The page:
If we wait around to do something new until we are “ready”, then we will likely never do anything at all. I want to keep reminding myself of this truth. I start a job next week and I have been less than positive about it, even though it is a good opportunity. It’s my reintroduction back into the nursing field after taking a break from nursing earlier this year. I had felt defeated with my previous job and was desperate for a break to focus on my mental health. My fiancé and I have since sold our home and moved to a new city. I decided to start looking at nursing opportunities about a month ago and I recently got accepted at a surgery center here as of a week and a half ago. Since getting accepted for the job, though, it feels like there has been a black cloud over my head.
I have been having overwhelming feelings of dread and hopelessness in the days leading up to my first day next week. I have felt myself bringing the negative thoughts and emotions from past nursing experiences into this new job. I am still working on changing my old mental programming that generates worst case scenarios for me to get anxious over whenever a new situation arises. I still come up with scenarios in my head for this new job, even before having met any of my coworkers, doctors, or being exposed to any of their cases. Seems like a terrible way to use my creativity, right? In the midst of these thoughts, however, I am reminding myself that this is a fresh experience not fated or bound to my past, and that it is full of potential to challenge myself, gain confidence, make new friends, and start saving money away for future plans. I am also reminding myself that it is unfair to assume that past experiences will come to define my future. The past is the past and that is where I want it to stay. This is a new me, a new life, and a new future and I am working to keep the spirit of bright possibilities alive going forward.
But the feelings of doubt, dread, and powerlessness have persisted. It has felt like I am being sucked into some negative vortex which I have no control over. I know that I have a tendency to fear uncertainty, to the point where I will think up worst case scenarios just to have some illusion of certainty and a known variable. I have sat here with these menacing thoughts telling me that I am being dragged into something that I am not ready for. “If only I can get a little bit more work done with my mental health and confidence, then I will be ready”, I deceptively tell myself.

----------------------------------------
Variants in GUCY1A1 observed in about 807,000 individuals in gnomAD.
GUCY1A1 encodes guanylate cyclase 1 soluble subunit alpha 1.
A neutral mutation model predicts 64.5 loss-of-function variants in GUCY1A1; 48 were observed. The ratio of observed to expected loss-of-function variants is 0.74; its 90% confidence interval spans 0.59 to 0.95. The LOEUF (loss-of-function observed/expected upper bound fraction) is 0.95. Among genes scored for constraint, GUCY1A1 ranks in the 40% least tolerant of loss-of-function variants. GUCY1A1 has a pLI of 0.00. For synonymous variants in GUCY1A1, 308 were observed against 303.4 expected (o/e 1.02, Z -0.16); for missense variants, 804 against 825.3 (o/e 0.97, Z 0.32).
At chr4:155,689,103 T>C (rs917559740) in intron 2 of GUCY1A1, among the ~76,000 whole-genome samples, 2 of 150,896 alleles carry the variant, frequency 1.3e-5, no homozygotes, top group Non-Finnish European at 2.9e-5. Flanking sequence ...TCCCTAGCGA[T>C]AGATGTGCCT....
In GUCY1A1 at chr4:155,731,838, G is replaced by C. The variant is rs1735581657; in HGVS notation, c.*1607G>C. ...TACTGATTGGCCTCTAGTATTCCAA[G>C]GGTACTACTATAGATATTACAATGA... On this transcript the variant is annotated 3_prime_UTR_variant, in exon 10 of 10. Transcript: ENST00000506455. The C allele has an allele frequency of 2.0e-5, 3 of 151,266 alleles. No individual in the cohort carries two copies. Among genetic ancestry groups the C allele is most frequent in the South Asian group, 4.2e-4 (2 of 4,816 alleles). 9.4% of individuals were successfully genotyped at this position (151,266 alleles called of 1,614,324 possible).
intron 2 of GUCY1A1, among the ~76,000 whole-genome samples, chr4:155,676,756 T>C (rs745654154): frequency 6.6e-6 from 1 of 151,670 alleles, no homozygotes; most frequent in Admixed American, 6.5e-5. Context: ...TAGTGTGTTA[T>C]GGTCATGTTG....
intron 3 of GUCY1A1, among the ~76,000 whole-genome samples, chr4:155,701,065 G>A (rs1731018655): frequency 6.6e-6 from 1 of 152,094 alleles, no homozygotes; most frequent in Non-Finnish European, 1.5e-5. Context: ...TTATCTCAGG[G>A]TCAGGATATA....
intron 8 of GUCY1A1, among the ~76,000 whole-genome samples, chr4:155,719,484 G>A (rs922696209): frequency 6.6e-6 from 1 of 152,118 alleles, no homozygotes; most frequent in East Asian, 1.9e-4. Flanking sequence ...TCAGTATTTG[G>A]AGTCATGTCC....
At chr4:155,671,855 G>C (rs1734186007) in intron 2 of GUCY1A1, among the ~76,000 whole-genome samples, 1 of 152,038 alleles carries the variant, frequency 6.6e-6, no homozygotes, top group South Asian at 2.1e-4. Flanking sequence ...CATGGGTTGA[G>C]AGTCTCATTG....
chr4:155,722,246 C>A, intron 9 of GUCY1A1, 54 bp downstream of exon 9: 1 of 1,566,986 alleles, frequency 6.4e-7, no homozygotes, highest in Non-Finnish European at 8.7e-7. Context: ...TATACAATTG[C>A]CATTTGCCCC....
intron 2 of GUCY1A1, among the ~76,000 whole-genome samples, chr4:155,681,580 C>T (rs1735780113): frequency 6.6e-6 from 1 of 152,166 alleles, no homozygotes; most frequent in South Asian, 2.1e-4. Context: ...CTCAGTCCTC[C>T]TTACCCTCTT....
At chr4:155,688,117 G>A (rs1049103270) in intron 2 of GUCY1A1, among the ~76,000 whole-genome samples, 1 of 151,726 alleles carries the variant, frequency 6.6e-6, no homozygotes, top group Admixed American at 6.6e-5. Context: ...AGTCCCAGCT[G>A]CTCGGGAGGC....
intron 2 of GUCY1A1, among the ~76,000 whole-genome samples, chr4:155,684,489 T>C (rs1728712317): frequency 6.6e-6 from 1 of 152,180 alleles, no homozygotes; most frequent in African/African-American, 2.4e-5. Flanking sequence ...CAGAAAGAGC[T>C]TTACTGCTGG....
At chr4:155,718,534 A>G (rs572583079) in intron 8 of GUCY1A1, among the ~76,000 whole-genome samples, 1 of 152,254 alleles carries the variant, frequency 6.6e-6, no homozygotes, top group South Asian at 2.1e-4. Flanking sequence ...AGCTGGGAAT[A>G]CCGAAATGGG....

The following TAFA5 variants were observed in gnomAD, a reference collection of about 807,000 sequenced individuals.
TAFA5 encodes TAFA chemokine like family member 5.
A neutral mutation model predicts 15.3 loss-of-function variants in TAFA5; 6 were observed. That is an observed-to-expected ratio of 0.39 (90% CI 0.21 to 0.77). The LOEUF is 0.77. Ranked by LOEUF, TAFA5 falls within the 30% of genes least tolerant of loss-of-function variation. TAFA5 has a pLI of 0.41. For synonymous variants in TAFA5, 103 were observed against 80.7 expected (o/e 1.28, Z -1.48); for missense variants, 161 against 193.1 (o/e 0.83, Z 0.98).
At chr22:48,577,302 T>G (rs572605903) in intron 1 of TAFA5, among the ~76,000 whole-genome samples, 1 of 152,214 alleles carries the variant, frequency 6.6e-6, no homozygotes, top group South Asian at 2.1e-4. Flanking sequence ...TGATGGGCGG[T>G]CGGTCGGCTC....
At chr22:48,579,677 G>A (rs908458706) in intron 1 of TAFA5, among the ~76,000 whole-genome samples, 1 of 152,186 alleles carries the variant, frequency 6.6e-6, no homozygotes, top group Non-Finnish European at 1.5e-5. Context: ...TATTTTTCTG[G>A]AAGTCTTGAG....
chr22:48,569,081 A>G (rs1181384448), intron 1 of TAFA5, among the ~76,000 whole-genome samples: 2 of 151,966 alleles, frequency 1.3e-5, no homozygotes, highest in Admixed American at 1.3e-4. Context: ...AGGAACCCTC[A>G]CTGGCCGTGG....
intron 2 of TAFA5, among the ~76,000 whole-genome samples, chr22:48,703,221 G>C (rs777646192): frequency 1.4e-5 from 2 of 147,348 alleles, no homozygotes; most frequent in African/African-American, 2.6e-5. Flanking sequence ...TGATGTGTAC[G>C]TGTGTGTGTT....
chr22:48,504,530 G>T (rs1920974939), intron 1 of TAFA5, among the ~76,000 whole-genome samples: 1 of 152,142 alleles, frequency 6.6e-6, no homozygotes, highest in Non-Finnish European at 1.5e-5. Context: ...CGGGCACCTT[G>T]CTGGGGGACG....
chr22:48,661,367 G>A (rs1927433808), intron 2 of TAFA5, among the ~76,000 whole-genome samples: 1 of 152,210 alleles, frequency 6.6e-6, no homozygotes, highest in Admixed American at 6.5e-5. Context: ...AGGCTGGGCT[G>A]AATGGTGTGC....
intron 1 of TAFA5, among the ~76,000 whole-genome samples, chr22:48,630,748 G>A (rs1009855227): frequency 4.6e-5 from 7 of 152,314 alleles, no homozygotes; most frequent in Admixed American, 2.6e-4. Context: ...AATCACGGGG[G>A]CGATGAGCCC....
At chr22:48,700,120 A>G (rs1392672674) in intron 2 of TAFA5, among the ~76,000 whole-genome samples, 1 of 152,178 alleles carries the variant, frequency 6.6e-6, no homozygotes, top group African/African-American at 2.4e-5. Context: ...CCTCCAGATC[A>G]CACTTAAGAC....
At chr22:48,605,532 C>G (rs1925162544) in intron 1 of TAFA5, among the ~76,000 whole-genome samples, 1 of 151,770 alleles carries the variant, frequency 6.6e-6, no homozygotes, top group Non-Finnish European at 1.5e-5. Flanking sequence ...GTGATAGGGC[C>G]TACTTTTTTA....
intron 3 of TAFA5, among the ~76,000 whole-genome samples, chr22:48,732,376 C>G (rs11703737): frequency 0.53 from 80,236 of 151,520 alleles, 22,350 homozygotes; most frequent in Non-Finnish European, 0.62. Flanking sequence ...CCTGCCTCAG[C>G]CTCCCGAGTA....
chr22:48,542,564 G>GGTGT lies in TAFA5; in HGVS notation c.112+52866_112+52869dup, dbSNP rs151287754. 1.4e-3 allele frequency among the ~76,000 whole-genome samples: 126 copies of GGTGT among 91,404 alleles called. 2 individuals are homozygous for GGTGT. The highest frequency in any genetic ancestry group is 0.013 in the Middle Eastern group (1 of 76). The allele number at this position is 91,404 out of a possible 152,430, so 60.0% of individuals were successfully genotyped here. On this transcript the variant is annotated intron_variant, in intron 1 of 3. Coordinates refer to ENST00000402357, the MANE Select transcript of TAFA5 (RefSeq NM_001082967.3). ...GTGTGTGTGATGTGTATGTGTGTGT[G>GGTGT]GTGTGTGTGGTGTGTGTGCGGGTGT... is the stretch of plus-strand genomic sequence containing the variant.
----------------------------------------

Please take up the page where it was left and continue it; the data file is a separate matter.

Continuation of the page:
The truth is, I will never be ready to start this job. It’s something I just have to do. Readiness is an illusion that keeps us from just acting and can stir us into a never-ending cycle of procrastination. What is being ready anyway? It almost seems to be the idea of removing all uncertainty and knowing exactly what needs to be done and what is going to happen through every single step. And this is when I had to pause and tell myself that there is no way to be ready for this job. There is no way to remove all uncertainty and to have absolute security going into a situation. Life will always have uncertainty. There is no way to escape it and there is no way to prepare for something with 100% certainty and security. Accepting and reflecting on this notion has been of tremendous help to me today.
And then when I started to think about it, I realized that uncertainty isn’t the one-dimensional doom inducing, fear generator that I think it is. In so many cases, I love uncertainty! I think to when I start writing or go on a hike. Half of the fun is not knowing what is around the next corner or what side avenue my mind will take when I start writing. Uncertainty is not something to be feared, but celebrated. Uncertainty makes life worth living. Surprises are the spice of life. How boring and soulless would life be if everything was perfectly predictable?
I think back to when I decided to do travel nursing, which was one of the most rewarding experiences of my adult life. I remember just signing up and going. I remember how uncharacteristic it seemed for me to just blindly commit to something, but I did it! When the idea popped into my head to travel alone across the country, I just did it. Was I ready for a measly 3 days-worth of orientation at the main Level 1 trauma hospital in Seattle before being set lose on my own? Definitely not, and if I had known that was going to be the case beforehand, I probably would never have done it. But I did it without being “ready” and because of that, I learned that I was capable of far more than I had previously thought. The challenge of it was empowering.
I jumped into the water and not only did I not drown, I swam beautifully through it all and gained a whole new level of confidence in myself. Waiting around for confidence to do something would never have worked because confidence was built through uncertainty and challenge. Confidence was built through just doing it, through putting myself in uncomfortable situations and learning to adapt to them. I jumped in and I found out what I was made of and it broadened my whole spectrum of what I thought I could achieve. It seems I had forgotten that lesson as this new job has been on the horizon, but I am reminded today that I am not ready and that’s okay. Not being ready can lead to so many amazing experiences and realizations. And so, I will embrace this new, uncertain experience for the flavor, joy, intrigue, and growth it can bring into my life. Here is to the next chapter!
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